A company that cleans hazardous medical waste is seeking to open a new facility in Spartanburg. However, its untested new form of treating the waste is being criticized by some environmental experts.
TreatMed plans to use a process known as autoclaving, which shreds the waste and uses high-pressure steam to sterilize it. The finished product is then safe enough to be driven to a landfill. The process is often used by hospitals to treat small amounts of waste, but has never been used on a large-scale basis in the United States.
The company touts the method as good for the environment, because it does not require burning the waste in an incinerator. “There is no pollution involved,” TreatMed President David Squalli said, “It’s as green as it gets.”
The company, the American subsidiary of French medical engineering firm ECODAS, is seeking a permit from the South Carolina Department of Health and Environmental Control (DHEC) to operate the facility.
However, some residents are concerned. The company plans to handle up to 23 million pounds of “infectious waste” every year at the facility, according to its proposal to DHEC. “Infectious waste” consists of blood, needles and other equipment, and identifiable human body parts.
Environmental lawyer Gary Poliakoff is opposing the project on behalf of some area residents. He says autoclaving has never been used in this country for such large amounts of waste. “This proposed method is not permitted yet anywhere in the United States,” he said, “It’s permitted in a handful of other countries around the world, but not the United States.”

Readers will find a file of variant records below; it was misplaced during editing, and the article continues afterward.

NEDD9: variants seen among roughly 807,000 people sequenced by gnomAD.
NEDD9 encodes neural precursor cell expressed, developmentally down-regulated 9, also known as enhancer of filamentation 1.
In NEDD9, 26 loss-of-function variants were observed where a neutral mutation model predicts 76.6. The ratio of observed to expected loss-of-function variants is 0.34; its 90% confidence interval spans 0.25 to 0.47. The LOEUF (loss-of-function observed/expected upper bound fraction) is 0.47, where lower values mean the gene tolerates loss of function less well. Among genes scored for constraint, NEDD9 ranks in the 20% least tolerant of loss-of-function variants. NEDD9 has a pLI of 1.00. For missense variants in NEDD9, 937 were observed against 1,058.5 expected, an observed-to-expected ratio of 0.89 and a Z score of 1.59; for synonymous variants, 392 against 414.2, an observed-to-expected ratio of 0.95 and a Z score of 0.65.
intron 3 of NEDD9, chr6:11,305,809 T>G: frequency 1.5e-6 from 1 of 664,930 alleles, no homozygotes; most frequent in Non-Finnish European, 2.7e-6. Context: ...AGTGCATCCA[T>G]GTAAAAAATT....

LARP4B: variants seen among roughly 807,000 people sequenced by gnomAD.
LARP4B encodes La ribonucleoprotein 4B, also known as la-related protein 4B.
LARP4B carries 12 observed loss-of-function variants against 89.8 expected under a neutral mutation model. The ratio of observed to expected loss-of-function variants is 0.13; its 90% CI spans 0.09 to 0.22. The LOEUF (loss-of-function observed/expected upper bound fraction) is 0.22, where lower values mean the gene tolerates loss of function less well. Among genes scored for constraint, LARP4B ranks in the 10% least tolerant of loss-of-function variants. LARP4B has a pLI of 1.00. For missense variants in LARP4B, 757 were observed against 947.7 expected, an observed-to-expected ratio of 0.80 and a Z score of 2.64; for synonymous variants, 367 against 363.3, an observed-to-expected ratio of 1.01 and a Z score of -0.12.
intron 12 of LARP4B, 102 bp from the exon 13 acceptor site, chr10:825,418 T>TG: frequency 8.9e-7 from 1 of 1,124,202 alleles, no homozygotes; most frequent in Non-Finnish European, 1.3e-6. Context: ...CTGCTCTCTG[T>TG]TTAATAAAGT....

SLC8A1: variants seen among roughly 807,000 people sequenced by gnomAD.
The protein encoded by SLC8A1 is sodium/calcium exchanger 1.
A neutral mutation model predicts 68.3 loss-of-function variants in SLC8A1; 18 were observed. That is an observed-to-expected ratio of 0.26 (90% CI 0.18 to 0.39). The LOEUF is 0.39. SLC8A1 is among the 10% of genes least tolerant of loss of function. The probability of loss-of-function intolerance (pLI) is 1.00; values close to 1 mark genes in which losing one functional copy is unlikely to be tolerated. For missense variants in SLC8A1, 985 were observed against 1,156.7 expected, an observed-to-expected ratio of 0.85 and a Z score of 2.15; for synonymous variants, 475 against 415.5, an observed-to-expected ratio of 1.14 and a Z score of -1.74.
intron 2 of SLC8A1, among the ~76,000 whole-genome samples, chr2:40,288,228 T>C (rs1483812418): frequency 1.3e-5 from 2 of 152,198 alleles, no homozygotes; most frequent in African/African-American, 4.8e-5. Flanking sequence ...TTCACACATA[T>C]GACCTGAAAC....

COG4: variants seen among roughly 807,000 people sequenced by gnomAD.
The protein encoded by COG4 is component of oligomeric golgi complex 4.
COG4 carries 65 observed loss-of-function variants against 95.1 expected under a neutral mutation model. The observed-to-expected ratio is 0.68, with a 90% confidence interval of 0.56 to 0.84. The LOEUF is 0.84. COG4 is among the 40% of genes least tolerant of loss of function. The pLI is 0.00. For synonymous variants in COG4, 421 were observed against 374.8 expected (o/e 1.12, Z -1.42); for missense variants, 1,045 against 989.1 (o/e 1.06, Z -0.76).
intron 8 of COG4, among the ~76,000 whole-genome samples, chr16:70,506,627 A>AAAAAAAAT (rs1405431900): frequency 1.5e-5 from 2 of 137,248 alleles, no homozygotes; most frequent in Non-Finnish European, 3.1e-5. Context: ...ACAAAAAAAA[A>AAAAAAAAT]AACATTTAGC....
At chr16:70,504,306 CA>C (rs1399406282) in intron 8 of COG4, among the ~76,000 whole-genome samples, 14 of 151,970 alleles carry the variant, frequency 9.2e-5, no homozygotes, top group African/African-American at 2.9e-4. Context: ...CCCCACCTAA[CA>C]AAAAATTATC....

TreatMed has gotten permission from Spartanburg County, the local sewer & water district, and DHEC’s air quality division to build the facility. It is still seeking approval from DHEC to treat the medical waste.
Poliakoff said Spartanburg already has one site for medical waste and he’s afraid most of the new material will come from out of state. “We’re known as the dumping ground for the nation for all categories of waste,” he said, “The reason we’re known for that is valid.”
He said DHEC is not addressing the problem of transporting the waste to the site. Poliakoff said he worried some bacteria or viruses had the risk of getting into the atmosphere while it was being moved from the truck to the facility. However, Squalli dismissed those worries, saying the material is kept in sealed containers and there is little risk of pathogens escaping. He added the water used in the autoclave process would also be safely sterilized.
Spartanburg is not the company’s first choice for the facility. A previous location in Georgia was voted down in 2009. Squalli said that was due to a public outcry from people who did not understand what the facility would do.
TreatMed hopes to build the center near the Cannon’s Campground neighborhood. That area is home to 70 families currently considering a legal case against former polyester fiber manufacturer Hoechst Celanese. They accuse the company of illegally dumping chemicals on the site, they claim led to a cluster of cancer cases in the following years. Some residents are notably hesitant to support a new disposal facility, as a result. However, Squalli says most of the feedback from residents has been positive.
The public can comment on the facility through November 13. If the permit is approved, an appeal can still be filed for the next 15 days after the decision.